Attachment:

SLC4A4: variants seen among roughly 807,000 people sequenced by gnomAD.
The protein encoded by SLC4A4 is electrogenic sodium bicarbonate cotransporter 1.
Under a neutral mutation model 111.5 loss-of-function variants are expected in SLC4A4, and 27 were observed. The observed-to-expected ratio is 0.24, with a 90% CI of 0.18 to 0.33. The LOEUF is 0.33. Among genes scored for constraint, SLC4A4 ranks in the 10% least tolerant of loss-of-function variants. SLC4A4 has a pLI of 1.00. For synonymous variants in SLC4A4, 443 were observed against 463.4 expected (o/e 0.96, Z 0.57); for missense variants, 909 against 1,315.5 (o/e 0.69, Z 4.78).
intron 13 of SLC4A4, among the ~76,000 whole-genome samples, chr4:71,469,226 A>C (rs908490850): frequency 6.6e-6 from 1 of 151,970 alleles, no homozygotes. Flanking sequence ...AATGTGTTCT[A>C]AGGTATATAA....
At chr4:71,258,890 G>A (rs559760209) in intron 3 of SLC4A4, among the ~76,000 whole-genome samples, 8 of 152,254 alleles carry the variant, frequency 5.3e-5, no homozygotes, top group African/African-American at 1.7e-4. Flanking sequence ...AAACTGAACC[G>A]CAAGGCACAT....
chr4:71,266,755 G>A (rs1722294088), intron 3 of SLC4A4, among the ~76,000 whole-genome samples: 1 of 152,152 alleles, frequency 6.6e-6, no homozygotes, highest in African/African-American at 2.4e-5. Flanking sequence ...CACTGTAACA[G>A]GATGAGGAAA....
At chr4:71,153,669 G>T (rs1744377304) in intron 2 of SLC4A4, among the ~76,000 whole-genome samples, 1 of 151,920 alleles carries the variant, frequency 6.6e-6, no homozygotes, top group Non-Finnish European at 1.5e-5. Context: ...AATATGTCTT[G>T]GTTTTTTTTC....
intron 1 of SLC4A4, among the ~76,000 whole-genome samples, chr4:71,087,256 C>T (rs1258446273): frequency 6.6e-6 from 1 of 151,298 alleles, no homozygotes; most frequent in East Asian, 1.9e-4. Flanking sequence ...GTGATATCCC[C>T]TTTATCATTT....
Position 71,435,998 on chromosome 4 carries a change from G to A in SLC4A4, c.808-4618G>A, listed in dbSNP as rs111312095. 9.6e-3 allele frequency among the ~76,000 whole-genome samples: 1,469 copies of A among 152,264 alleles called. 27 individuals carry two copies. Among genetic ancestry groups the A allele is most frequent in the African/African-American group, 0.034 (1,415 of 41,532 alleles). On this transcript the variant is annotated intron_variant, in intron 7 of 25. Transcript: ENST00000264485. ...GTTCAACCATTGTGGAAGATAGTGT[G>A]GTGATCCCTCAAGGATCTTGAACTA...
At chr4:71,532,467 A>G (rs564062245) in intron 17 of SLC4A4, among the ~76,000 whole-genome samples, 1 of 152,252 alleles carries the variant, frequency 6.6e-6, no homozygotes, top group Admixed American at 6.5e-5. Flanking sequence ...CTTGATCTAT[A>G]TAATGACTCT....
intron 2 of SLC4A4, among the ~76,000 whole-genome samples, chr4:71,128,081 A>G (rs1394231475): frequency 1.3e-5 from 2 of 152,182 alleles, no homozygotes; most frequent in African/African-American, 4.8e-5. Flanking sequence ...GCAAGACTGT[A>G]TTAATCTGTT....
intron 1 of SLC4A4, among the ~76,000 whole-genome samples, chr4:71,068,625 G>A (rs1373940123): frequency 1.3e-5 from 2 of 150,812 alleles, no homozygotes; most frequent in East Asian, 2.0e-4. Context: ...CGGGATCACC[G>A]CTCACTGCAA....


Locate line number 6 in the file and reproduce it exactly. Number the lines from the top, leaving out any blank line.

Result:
chr4:71,266,755 G>A (rs1722294088), intron 3 of SLC4A4, among the ~76,000 whole-genome samples: 1 of 152,152 alleles, frequency 6.6e-6, no homozygotes, highest in African/African-American at 2.4e-5. Flanking sequence ...CACTGTAACA[G>A]GATGAGGAAA....